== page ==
My daughter Gloria has two types of voices. She uses a soft voice for the public. She employs a loud voice for the home. You know how comfortable she is around you based on how loud she gets.
We were reminded of this dynamic on a recent trip to the beach. Before a meal, I asked who wanted to pray. Gloria volunteered. I am sure she prayed a very sincere and
Apparently, my son Obadiah couldn’t either. As soon as she finished, he said, “You know, Gloria, I couldn’t hear anything you just prayed. You were too quiet. You need to learn how to speak up.”
Without missing a beat, she looked at him and chirped back,
“Well, I wasn’t talking to you anyway.”
We erupted in laughter. The tiniest member of our house understood prayer better than most adults do.
Prayer is not talking to one another; prayer is talking to God.
Public prayer is not talking to others about God. It is talking to God in front of others. It is no different than when my daughter is walking and talking with me. You might eavesdrop on the conversation, but she is talking to me.
Of course, we are all guilty of trying to impress others with our prayers. Jesus even warned against such a misguided agenda.
5 “And when you pray, you must not be like the hypocrites. For they love to stand and pray in the synagogues and at the street corners, that they may be seen by others. Truly, I say to you, they have received their reward. 6 But when you pray, go into your room and shut the door and pray to your Father who is in secret. And your Father who sees in secret will reward you.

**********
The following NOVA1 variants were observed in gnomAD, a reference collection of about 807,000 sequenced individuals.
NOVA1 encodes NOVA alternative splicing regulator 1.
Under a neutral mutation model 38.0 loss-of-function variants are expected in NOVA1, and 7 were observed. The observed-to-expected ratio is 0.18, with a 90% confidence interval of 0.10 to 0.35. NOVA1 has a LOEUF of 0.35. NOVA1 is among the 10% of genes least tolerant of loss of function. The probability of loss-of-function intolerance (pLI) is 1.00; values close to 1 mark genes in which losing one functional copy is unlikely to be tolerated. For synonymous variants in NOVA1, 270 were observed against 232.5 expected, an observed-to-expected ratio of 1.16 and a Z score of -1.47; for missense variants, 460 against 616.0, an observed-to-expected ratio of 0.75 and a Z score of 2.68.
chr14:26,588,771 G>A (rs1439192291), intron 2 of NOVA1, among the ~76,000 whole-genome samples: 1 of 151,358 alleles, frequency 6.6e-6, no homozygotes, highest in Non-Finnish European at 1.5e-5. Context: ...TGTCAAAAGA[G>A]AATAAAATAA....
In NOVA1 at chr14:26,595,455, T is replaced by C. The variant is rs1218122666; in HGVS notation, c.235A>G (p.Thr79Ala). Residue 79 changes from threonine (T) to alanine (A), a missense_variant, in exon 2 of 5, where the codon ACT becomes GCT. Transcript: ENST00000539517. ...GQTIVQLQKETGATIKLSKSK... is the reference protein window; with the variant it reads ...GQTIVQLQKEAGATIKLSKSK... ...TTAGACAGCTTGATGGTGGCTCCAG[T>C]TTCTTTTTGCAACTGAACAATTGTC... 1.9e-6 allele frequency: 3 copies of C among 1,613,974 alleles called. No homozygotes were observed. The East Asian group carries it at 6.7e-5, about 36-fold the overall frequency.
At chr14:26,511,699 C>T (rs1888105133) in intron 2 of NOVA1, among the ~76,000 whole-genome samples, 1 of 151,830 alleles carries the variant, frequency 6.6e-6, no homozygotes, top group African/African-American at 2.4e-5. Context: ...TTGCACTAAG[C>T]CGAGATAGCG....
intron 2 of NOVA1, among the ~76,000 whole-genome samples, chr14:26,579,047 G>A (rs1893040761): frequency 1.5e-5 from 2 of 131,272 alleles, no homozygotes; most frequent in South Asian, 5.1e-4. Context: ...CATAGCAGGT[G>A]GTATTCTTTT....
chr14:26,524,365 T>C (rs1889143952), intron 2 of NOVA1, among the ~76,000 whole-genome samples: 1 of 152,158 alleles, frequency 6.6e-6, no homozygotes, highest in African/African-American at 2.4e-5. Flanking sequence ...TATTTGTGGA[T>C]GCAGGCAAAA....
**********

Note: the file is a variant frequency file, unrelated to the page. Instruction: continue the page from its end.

7 “And when you pray, do not heap up empty phrases as the Gentiles do, for they think that they will be heard for their many words. 8 Do not be like them, for your Father knows what you need before you ask him. -Matthew 6:5-8
How do you avoid making prayer a spectacle?
- Pray more in private. The more you pray in private, the more natural your prayers will be in public.
- Don’t transform into someone else. If your prayer language sounds like you morphed into another character, it might come across as a performance.
- Pray to the point. If you are including repetitive phrases and impressive vocabulary words to impress all those listening, we can tell. Plus, Jesus said that if your intention is to receive the applause of men you will forsake the audience of God.
- Pray genuinely. Don’t heap up empty phrases. Pray what you mean and mean what you pray.
- Focus on God. This may seem obvious, but it really isn’t. When you pray publically, try to keep God at the center of your focus.
When you pray in front of others, remind yourself that you aren’t talking to them, you are talking to him.
Travis Agnew serves as the Lead Pastor of Rocky Creek Church in Greenville, SC. His most recent book is Just (About) Married.